Formal flower beds have been replaced with alliums and grasses, as well as exotic plants not seen in conventional 19th-century gardens, such as yuccas. The overall effect is exciting – a historic garden reinvented for the 21st century. On the outskirts of the city is another historic garden undergoing major change – though this one is looking back rather than forward. Gunnebo House and Garden was built in the 18th century for a wealthy banker.
Today, the estate is open to the public, and head gardener Joakim Seiler is obsessed with restoring the baroque garden to its glory days. In 2016, he completed a seven-metre-high arbour, based on 18th-century drawings of the garden. Now he has moved on to rebuilding a lost orangery. The building is still under construction, but he has already converted two areas outside into orangery parterres, filled with lemon, orange and even pomelo trees. “We found the original plant list for the orangery, dating back to 1810,” he says. “There are lots of unusual varieties: back then, the more strange citruses looked, the more valuable they seemed to be. The owners wanted curled leaves and oddly shaped fruits to show off to their guests.”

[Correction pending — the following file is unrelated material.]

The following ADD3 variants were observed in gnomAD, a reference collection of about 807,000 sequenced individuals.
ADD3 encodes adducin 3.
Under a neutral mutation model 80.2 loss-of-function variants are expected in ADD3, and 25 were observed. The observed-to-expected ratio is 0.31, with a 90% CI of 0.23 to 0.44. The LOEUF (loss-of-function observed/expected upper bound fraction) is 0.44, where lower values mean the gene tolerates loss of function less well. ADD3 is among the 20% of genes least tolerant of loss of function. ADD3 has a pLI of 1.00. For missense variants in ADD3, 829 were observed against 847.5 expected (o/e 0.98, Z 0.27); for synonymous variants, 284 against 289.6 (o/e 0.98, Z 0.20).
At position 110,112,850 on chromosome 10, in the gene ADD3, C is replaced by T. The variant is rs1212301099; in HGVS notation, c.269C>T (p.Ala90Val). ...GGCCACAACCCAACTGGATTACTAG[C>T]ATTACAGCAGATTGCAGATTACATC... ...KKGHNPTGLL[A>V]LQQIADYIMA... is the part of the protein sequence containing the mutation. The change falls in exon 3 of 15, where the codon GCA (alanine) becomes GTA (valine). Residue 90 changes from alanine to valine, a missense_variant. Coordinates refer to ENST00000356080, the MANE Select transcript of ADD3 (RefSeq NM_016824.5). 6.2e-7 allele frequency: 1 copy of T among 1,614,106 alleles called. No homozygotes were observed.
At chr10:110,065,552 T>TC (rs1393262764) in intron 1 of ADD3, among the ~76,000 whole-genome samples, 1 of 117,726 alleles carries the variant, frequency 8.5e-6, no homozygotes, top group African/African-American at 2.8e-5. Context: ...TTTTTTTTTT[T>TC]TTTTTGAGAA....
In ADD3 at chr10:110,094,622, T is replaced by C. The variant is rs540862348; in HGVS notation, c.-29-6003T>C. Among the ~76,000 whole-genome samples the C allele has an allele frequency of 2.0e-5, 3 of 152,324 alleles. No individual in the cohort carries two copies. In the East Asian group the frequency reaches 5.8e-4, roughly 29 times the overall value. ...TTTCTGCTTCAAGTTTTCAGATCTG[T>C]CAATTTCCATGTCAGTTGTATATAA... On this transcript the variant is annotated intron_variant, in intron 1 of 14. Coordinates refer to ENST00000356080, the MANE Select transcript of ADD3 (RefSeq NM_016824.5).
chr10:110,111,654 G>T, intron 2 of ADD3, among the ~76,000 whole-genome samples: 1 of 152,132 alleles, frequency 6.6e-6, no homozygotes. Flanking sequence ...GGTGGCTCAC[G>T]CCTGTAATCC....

It is not only in the parks and gardens that Gothenburg’s love of horticulture shines through. Wandering through the streets at dusk, I notice how many restaurants have installed vast pots of colourful flowers outside. Land art – works of art created using natural materials – is also everywhere. My favourite is a dramatic floating cloud of bamboo, created by Japanese artist Tetsunori Kawana for 2016’s Green World, which stands outside the city’s theatre. “We didn’t want the sculpture to be in a park – we wanted it to be part of the fabric of the city,” Kawana tells me. “The colour changes minute by minute, as the bamboo dries. I want the public to appreciate nature shifting before their eyes.”
Even Gothenburg’s main attraction, the theme park of Liseberg, places as much emphasis on flowers and foliage as it does on Ferris wheels and flumes. Creative director David Schofield (yet another Briton persuaded to lend the city his green fingers) guides me through various “rooms” his team have opened, including “The Forbidden Garden” – a playful collection of poisonous and medicinal plants – and “Emily’s Garden”: a Victorian-style garden with a carousel at its heart, surrounded by pink roses and purple salvias.
Everywhere you look, there is greenery; on one roller coaster, there are flower beds that almost brush your cheek as you hurtle past at 100mph. “People don’t come to Liseberg for the gardens – but if you took them away, they would miss them,” says Schofield. “It’s the same for the city as a whole. So many cities take away all the green. But nature enhances our experience. It makes this theme park, and Gothenburg, special.” It might be all the cinnamon rolls talking, but I can’t help but agree.
For more information, visit the Gothenburg Tourist Centre